Jesus heals the invalid at the Pool of Bethesda. The man was instantly cured. His life was eternally changed. Jesus made him well. Jesus made him whole!

But it was a church day. And because it was a church day, some of the church people got upset. The guy at the pool is not the only sick person Jesus ran into this day. There are some really sick church people in this scene.

“The day on which this took place was a Sabbath, and so the Jews said to the man who had been healed, ‘It is the Sabbath; the law forbids you to carry your mat!'” ~John 5:9-10

The church people, the self-appointed guardians of the truth, immediately put this man on trial. They’re in his face. This is an interrogation. “You’re not supposed to do that! Why are you doing that? Who said you could do that?”

It’s quite incredible, huh? A man is made whole and given new life by the will and power of God, and the opposition comes from church people. Not evil people, no. Good people who mistake their religious traditions for the will of God. These church people are sicker than this paraplegic ever was.

The Law of Moses was very clear that the Sabbath Day is a holy day and it needs to be recognized as part of the covenant between God and his people. It needs to be a sacred day and nobody’s supposed to do any work. But the Jewish teachers and scribes had added to it. It wasn’t specific enough for them. It wasn’t strict enough. It was too gray. How can we judge people, how can we know for sure who’s right and who’s wrong unless we make this more black and white?

So, to make themselves really happy and everybody around them really miserable, they came up with their own rules and restrictions as supplements to God’s Law. It came to be known as Mishna — pages and pages and books and volumes of their own interpretations they bound on all the people. Regarding the Sabbath Day alone, they had 39-different categories of things a person could not do. And they used these interpretations — and that’s all they are — to control people. It gave them power and authority. And if you threatened their interpretations, you were in for a fight. These church people were willing to kill to protect their interpretations.

So, after they publicly berate this guy, they go after Jesus. How dare you work! How dare you heal! How dare you help this man on the Sabbath! And Jesus’ defense is simple: “My Father is working today and so I am working today.”

Jesus goes on in the following verses to explain that every single thing he does, he does because of his Father. Jesus claims he is sent by God, he’s on a mission from God, he’s doing the works of God, he’s obedient to God, and he’s bringing glory to God. And that ticks them off even more! So now Jesus finds himself on trial and he starts bringing out the witnesses in verse 33: The Scriptures testified to me; John the Baptist testified to me; God in heaven testifies to me by these works he’s given me to do. But you…

“You diligently study the Scriptures because you think that by them you possess eternal life. These are the Scriptures that testify about me, yet you refuse to come to me to have life.” ~John 5:39-40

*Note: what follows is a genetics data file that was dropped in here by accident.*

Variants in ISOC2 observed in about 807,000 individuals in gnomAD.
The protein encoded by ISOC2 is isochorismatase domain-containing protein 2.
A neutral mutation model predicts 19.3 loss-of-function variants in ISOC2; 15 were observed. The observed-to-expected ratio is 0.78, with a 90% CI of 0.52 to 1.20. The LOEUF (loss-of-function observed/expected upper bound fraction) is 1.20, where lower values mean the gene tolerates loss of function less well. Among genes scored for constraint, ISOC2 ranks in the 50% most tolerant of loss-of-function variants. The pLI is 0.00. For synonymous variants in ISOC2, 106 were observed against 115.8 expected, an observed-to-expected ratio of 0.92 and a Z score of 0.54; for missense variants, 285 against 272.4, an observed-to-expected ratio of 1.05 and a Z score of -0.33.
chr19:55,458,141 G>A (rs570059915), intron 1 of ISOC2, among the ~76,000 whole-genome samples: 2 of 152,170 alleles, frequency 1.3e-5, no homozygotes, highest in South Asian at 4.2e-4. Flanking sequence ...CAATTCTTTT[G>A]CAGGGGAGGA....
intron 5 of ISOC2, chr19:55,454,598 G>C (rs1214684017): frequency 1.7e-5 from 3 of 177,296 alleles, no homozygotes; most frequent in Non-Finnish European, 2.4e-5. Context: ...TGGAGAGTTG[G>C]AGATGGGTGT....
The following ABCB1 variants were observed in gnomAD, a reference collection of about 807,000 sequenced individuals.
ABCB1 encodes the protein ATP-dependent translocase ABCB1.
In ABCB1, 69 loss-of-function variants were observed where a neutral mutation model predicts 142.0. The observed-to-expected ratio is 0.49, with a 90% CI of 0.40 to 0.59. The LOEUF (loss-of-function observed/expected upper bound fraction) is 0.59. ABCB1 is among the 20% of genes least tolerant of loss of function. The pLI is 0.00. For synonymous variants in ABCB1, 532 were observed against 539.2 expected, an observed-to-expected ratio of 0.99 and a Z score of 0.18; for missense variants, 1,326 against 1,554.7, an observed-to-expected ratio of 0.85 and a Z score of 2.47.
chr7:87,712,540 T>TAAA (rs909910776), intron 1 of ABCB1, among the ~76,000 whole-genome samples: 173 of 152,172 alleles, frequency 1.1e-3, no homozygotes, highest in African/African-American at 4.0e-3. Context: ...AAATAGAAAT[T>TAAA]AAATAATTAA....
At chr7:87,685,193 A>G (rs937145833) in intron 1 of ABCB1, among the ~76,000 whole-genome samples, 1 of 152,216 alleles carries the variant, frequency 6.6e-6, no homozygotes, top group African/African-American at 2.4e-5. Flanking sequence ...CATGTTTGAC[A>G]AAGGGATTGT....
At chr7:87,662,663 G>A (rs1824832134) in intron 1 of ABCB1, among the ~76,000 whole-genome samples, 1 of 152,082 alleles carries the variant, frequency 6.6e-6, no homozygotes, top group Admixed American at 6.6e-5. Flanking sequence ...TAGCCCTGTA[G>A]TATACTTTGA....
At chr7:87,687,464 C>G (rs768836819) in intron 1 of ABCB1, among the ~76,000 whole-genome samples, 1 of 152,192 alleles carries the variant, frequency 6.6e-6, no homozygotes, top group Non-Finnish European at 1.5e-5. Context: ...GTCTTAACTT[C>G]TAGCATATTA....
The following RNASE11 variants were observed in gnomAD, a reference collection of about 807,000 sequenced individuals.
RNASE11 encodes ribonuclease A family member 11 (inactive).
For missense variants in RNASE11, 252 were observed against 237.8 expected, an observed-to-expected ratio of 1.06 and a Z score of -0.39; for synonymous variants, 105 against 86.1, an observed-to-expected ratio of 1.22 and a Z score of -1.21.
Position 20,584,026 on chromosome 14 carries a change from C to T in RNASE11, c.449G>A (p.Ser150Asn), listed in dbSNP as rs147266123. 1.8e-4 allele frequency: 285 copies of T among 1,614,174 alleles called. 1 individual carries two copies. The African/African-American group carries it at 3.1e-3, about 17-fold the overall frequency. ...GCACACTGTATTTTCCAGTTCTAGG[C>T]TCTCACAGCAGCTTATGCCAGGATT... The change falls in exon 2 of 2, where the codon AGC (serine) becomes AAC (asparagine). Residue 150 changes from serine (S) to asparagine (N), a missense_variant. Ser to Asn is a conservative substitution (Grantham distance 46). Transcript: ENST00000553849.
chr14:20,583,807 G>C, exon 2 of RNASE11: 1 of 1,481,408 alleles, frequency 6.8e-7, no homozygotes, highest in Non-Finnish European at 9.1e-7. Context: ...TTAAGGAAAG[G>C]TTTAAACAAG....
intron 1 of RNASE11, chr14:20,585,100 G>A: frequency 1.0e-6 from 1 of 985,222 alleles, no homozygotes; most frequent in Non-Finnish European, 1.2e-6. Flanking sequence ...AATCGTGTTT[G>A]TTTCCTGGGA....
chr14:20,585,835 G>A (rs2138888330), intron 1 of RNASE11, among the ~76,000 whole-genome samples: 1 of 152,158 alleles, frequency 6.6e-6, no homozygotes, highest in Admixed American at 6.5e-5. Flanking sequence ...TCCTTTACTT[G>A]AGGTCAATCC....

This is what upset Jesus the most. You know every letter of every word, you’ve interpreted every passage, you’ve memorized it, you argue to the death one verb here and one participle there — you think you have eternal life in the Scriptures. But you don’t!

Dear reader, eternal life does not come from the Bible; eternal life comes from Christ Jesus to whom the Bible points. Our trust and faith and hope is not in the Scriptures; our trust and faith and hope is in the holy Son of God to whom the Scriptures point.

These church people are sick. They know the Word of God frontwards and backwards, but they don’t know Jesus. Their disbelief was deliberate, their diagnosis was severe. They love their church life and their traditions and interpretations, but they had forgotten how to love God and the people God is healing and making whole. Their expression of church had become horribly twisted. They had turned their life-giving and soul-saving faith into something life-taking and soul-destroying. Instead of being a source of joy and light, they were using their religion to suppress and judge. They knew the Word of God, but they totally missed his will. They had counted every letter of the Scriptures, but they had totally missed the truth.

Does any of this sound familiar? Does any of this feel familiar?

I think we’re all — every one of us — susceptible to this sickness. It’s dangerous. It’s deadly.

Do we want to get well?

Sometimes our vigorous preservation of our church traditions counts more than the openness and spontaneity of faith. We know our Bible, but sometimes we use it to defend all the wrong things. We know our Bible, but sometimes that’s all we know. Our allegiance to the way things have always been done sometimes gets in the way of the healing and saving work of Jesus. We can’t appreciate or applaud the good that’s being done because it’s being done differently.

And Jesus deliberately challenges these rigid traditions. He goes out of his way to do things on the Sabbath, just to make the point. So much so, it becomes his habit.